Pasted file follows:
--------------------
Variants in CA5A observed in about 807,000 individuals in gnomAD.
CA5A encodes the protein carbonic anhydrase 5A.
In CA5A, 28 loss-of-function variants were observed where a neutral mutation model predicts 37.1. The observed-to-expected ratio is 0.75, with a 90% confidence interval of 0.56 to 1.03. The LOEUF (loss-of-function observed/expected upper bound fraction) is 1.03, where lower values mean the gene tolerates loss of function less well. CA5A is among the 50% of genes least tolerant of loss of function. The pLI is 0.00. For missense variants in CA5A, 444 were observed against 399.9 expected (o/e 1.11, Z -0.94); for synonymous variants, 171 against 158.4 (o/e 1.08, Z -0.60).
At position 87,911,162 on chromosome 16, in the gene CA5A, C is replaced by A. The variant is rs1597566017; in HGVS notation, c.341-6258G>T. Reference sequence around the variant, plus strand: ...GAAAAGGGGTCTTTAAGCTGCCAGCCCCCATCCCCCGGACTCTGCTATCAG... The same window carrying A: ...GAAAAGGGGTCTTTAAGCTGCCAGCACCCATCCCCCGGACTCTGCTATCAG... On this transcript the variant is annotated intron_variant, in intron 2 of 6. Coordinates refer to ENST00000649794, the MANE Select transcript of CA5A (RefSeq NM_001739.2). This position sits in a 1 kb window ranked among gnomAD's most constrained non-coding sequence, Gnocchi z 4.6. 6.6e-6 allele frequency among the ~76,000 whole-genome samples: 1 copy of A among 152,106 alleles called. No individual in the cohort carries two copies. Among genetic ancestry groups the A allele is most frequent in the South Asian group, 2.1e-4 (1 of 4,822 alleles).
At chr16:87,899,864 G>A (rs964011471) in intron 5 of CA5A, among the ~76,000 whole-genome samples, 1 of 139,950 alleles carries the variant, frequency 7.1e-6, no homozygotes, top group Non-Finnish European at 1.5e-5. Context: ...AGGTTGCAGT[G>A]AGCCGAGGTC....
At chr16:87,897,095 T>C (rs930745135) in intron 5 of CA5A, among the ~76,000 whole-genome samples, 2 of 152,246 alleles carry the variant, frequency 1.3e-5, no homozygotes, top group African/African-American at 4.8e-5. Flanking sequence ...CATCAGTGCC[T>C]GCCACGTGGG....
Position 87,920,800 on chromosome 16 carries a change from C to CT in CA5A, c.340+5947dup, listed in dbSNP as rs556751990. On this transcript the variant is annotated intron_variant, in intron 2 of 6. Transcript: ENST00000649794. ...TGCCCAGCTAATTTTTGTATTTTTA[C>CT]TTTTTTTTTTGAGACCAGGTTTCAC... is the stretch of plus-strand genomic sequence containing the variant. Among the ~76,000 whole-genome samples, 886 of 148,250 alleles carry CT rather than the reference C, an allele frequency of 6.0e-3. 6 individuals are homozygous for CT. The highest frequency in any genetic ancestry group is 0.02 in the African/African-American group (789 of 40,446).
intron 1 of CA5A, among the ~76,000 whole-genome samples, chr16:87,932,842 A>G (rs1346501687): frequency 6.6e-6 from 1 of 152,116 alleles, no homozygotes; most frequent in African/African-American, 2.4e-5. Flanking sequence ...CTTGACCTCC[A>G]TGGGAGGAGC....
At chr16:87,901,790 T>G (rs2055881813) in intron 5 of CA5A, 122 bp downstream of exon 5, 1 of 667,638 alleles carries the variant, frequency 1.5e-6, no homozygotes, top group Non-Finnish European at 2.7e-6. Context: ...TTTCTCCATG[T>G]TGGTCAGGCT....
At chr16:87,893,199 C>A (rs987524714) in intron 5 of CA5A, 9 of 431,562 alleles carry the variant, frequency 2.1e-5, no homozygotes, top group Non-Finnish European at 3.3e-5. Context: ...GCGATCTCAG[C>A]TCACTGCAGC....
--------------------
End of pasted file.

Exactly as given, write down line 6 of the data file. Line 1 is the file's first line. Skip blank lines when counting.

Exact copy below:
At chr16:87,897,095 T>C (rs930745135) in intron 5 of CA5A, among the ~76,000 whole-genome samples, 2 of 152,246 alleles carry the variant, frequency 1.3e-5, no homozygotes, top group African/African-American at 4.8e-5. Flanking sequence ...CATCAGTGCC[T>C]GCCACGTGGG....